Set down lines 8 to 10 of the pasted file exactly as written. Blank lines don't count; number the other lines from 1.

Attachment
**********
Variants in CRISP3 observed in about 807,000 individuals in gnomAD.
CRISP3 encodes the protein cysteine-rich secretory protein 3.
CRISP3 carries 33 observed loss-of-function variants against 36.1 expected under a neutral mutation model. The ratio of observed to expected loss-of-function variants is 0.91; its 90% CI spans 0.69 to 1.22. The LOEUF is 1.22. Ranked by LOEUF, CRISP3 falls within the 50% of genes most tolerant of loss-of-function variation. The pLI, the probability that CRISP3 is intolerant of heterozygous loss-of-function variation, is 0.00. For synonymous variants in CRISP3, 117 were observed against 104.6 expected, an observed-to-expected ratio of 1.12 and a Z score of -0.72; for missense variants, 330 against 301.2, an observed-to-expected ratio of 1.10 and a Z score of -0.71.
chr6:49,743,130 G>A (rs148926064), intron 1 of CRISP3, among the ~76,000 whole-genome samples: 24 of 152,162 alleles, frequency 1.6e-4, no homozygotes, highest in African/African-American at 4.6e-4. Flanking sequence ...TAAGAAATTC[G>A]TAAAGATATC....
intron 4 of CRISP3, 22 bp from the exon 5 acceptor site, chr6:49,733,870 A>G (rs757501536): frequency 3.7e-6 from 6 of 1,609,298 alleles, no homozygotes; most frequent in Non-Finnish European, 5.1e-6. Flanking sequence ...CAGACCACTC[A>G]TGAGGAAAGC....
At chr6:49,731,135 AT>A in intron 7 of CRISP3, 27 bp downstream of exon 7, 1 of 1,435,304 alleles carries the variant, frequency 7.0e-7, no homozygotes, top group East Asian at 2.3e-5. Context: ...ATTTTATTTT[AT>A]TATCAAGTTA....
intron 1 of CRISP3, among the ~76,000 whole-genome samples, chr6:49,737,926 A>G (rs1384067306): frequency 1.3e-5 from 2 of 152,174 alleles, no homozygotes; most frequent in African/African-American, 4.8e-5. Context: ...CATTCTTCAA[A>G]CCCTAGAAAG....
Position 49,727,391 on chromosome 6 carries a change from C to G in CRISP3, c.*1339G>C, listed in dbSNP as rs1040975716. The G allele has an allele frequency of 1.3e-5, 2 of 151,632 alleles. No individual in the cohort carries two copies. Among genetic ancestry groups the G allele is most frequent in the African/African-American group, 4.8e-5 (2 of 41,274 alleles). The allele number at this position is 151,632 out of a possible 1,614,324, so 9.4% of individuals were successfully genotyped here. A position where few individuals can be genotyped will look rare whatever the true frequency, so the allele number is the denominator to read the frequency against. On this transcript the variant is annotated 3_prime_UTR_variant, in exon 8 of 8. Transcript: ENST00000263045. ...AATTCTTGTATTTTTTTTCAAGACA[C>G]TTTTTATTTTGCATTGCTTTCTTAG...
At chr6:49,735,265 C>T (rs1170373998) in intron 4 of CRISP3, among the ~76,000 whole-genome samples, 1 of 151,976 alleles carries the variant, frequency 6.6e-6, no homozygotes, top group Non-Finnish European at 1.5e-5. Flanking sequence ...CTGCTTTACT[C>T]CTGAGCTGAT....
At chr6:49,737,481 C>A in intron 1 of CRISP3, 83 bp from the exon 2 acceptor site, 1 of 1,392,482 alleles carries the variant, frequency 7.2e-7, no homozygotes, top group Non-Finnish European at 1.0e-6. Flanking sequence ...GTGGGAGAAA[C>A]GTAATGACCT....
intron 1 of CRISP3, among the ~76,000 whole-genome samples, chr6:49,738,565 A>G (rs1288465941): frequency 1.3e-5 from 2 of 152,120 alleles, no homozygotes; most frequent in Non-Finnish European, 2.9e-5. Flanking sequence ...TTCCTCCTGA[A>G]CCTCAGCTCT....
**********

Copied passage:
Position 49,727,391 on chromosome 6 carries a change from C to G in CRISP3, c.*1339G>C, listed in dbSNP as rs1040975716. The G allele has an allele frequency of 1.3e-5, 2 of 151,632 alleles. No individual in the cohort carries two copies. Among genetic ancestry groups the G allele is most frequent in the African/African-American group, 4.8e-5 (2 of 41,274 alleles). The allele number at this position is 151,632 out of a possible 1,614,324, so 9.4% of individuals were successfully genotyped here. A position where few individuals can be genotyped will look rare whatever the true frequency, so the allele number is the denominator to read the frequency against. On this transcript the variant is annotated 3_prime_UTR_variant, in exon 8 of 8. Transcript: ENST00000263045. ...AATTCTTGTATTTTTTTTCAAGACA[C>G]TTTTTATTTTGCATTGCTTTCTTAG...
At chr6:49,735,265 C>T (rs1170373998) in intron 4 of CRISP3, among the ~76,000 whole-genome samples, 1 of 151,976 alleles carries the variant, frequency 6.6e-6, no homozygotes, top group Non-Finnish European at 1.5e-5. Flanking sequence ...CTGCTTTACT[C>T]CTGAGCTGAT....
At chr6:49,737,481 C>A in intron 1 of CRISP3, 83 bp from the exon 2 acceptor site, 1 of 1,392,482 alleles carries the variant, frequency 7.2e-7, no homozygotes, top group Non-Finnish European at 1.0e-6. Flanking sequence ...GTGGGAGAAA[C>A]GTAATGACCT....